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I'm writing an application which divides a population of users into pairs for the purpose of performing a task together. Each user can specify various preferences about their partner, e.g.

  • gender
  • language
  • age
  • location (typically, within X miles/kilometers from where the user lives)

Ideally, I would like the user to be able to specify whether each of these preferences is a "nice to have" or a "must have", e.g. "I would prefer to be matched with a native English speaker, but I must not be matched with a female".

My objective is to maximise the overall average quality of the matches. For example, assume there are 4 users in the system, A, B, C, D. These users can be matched in 3 ways:

Option 1     Match Score
A-B           5
C-D           4
---
Average       4.5

Option 2     Match Score
A-C           2
B-D           3
---
Average       2.5

Option 3     Match Score
A-D           1
B-C           9
---
Average       5

So in this contrived example, the 3rd option would be chosen because it has the highest overall match quality, even though A and D are not very well matched at all.

Is there an algorithm that can help me to:

  • calculate the "match scores" shown above
  • choose the pairings that will maximise the average match score (while respecting each user's absolute constraints)

It is not absolutely necessary that each user is matched, so given a choice between significantly lowering the overall quality of the matches, and leaving a few users without a match, I would choose the latter.

Obviously, I would like the algorithm that calculates the matches to complete as quickly as possible, because the number of users in the system could be quite large.

Finally, this system of computing match scores and maximising the overall average is just a heurisitic I've come up with myself. If there's a much better way to calculate the pairings, please let me know.

Update

The problem I've described seems to be a similar to the stable marriage problem for which there is a well-known solution. However, in this problem I do not require the chosen pairs to be stable. My goal is to choose the pairs so that the average "match score" is maximized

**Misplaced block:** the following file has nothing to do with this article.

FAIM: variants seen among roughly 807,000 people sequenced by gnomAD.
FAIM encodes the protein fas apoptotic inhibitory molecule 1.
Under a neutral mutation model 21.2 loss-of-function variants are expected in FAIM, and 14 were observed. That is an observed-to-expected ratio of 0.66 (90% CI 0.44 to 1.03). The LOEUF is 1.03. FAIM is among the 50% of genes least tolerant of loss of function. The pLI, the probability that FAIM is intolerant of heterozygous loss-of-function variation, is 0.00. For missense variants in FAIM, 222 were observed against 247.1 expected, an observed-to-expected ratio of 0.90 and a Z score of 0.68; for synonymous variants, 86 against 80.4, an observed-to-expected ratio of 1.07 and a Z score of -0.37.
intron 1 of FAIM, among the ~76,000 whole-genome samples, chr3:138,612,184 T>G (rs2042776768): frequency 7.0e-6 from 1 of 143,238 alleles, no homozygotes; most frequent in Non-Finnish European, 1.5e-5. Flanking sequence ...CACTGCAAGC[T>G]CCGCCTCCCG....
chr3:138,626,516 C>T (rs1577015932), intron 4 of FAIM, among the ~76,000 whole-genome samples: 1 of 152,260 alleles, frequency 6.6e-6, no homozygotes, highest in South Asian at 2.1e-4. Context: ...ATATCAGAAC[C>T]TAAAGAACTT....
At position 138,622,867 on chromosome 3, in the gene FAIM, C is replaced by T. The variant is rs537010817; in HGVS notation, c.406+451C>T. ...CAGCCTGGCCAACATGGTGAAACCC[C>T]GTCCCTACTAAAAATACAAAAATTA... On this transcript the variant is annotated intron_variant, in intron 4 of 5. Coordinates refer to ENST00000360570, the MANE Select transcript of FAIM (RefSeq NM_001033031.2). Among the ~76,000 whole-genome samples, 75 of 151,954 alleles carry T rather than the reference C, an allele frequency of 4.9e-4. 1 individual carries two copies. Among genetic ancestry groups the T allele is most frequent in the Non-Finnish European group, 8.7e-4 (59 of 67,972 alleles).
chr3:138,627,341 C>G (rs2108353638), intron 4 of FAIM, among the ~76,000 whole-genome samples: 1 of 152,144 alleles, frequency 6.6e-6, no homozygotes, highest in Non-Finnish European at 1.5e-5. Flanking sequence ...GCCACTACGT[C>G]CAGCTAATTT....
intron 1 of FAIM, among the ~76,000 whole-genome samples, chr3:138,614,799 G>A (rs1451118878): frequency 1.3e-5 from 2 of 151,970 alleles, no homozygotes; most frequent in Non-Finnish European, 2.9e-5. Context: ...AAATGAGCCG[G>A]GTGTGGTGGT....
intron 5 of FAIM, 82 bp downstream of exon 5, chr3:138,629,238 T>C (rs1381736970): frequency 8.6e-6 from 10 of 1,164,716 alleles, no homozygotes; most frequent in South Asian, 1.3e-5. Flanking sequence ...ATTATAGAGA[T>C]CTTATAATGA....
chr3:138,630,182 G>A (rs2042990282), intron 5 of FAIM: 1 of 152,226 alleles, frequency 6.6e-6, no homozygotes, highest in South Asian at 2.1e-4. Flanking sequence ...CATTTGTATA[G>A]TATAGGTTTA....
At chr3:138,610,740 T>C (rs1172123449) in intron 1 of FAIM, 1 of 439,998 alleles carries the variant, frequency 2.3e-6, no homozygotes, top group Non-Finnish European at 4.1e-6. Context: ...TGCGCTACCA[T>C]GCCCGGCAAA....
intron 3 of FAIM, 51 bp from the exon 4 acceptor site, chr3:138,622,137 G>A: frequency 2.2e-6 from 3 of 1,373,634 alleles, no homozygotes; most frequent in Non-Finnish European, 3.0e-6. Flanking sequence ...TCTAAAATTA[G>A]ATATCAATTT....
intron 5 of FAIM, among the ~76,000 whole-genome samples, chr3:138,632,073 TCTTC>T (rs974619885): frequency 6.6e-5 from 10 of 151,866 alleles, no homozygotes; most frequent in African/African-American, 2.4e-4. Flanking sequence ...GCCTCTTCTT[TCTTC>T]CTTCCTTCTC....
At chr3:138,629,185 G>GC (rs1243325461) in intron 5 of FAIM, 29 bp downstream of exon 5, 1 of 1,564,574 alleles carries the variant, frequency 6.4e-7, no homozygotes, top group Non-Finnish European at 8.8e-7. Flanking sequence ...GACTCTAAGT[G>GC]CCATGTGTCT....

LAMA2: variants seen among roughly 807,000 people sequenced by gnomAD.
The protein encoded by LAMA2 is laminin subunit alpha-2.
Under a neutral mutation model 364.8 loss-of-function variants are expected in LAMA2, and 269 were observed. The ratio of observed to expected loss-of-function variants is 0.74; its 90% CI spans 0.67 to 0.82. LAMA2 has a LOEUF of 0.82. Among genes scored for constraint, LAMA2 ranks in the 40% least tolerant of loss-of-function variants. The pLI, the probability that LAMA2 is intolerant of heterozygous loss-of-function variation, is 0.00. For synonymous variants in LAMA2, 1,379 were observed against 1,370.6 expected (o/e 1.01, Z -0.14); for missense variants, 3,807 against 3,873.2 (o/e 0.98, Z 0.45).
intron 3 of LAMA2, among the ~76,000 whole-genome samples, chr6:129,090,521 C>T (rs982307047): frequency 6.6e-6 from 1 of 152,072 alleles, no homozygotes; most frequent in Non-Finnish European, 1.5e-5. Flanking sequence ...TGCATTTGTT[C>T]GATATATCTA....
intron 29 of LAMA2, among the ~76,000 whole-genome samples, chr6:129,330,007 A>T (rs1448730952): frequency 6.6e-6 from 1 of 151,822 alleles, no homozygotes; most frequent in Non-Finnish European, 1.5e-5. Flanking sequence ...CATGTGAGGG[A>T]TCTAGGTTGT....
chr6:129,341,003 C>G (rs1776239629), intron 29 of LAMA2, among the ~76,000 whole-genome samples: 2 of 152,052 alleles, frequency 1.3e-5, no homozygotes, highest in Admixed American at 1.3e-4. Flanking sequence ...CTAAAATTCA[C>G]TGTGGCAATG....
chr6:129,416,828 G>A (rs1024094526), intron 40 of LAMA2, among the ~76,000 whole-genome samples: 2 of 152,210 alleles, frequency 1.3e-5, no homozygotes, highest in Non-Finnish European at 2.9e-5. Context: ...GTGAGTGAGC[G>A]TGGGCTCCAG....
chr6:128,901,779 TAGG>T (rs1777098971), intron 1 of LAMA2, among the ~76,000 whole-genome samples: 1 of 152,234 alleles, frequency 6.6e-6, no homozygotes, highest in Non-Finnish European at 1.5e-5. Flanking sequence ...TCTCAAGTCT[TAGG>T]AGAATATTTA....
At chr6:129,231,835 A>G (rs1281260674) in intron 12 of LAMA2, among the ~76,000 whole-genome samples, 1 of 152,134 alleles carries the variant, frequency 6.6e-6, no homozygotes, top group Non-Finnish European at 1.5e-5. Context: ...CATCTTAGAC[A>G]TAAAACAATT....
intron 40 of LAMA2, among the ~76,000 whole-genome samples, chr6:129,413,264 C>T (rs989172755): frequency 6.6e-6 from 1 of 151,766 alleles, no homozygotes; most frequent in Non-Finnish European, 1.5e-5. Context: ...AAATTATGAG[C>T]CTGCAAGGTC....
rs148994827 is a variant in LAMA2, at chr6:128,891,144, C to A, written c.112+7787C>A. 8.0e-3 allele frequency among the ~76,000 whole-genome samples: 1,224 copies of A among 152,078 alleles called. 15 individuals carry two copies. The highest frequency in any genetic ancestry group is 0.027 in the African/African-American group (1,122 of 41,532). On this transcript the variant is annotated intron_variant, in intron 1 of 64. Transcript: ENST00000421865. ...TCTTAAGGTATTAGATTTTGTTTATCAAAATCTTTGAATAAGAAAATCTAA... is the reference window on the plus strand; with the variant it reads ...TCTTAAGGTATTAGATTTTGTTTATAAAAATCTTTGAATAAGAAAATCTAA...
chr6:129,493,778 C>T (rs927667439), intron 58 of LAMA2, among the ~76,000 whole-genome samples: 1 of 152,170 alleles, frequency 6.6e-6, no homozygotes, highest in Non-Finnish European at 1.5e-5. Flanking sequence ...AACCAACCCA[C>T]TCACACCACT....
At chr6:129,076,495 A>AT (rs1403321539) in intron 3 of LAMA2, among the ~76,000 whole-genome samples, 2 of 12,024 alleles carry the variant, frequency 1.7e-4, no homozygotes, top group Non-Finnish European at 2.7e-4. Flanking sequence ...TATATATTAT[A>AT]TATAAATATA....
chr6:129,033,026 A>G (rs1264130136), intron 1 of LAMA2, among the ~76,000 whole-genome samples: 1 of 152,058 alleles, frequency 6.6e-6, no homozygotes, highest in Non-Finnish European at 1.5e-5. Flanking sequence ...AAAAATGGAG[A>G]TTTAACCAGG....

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Could you define "quite large" is it hundreds, thousands, millions? – Ivan Jan 31 '11 at 11:16
    
@Ivan ideally, I would like the system to be able to perform the matching algorithm for a few million users in a couple of hours. – Dónal Jan 31 '11 at 12:01
    
I'm approaching a similar problem (with a difference where my "men" and "women" must be paired with the opposite gender, and there isn't a balanced population) - I see that you've not accepted a solution - which approach did you go down? – Rowland Shaw Jan 22 at 15:44

What maximum match algorithms have you been looking at? I read your question too hastily at first: it seems you don't necessarily restrict yourself to a bipartite graph. This seems trickier.

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In particular, a min-cost max flow problem might be useful here, where the cost of a match could be inversely proportional to its goodness. – templatetypedef Jan 31 '11 at 11:02

I believe this problem could be represented as a linear programming problem. And then you can use Simplex method to solve it.

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This problem can only be characterized as a linear programming problem if the "Match Score" is a linear function of each user preference. – Dónal Jan 31 '11 at 11:58

To find a maximum matching in an arbitrary graph there is a weighted variant of Edmond's matching algorithm:

http://en.wikipedia.org/wiki/Edmonds's_matching_algorithm#Weighted_matching

See the footnotes there.

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I provided a possible solution to a similar problem here. It's an algorithm for measuring dissimilarity--the more similar measured data is to expected data, the smaller your resulting number will be.

For your application you would set a person's preferences as the expected data and each other person you compare against would be the measured data. You would want to filter the 'measured data' to eliminate those cases like "must not be matched with a female", that you mention in your original question, before running the comparison.

Another option could be using a Chi-Square algorithm.

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By the looks of it your problem is not bipartite, therefore it would seem to me that you are looking for a maximum weight matching in a general graph. I don't envy the task of writing this as Edmond's blossum shrinking algorithm is not easy to understand or implement efficiently. There are implementations of this algorithm out there, one such example being the C++ library LEMON (http://lemon.cs.elte.hu/trac/lemon). If you want a maximum cardinality maximum weight matching you will have to use the maximum weight matching algorithm and add a large weight (sum of all the weights) to each edge to force maximum cardinality as the first priority.

Alternatively as you mentioned in one of the comments above that your match terms are not linear and so linear programming is out, you could always take a constraint programming approach which does not require that the terms be linear.

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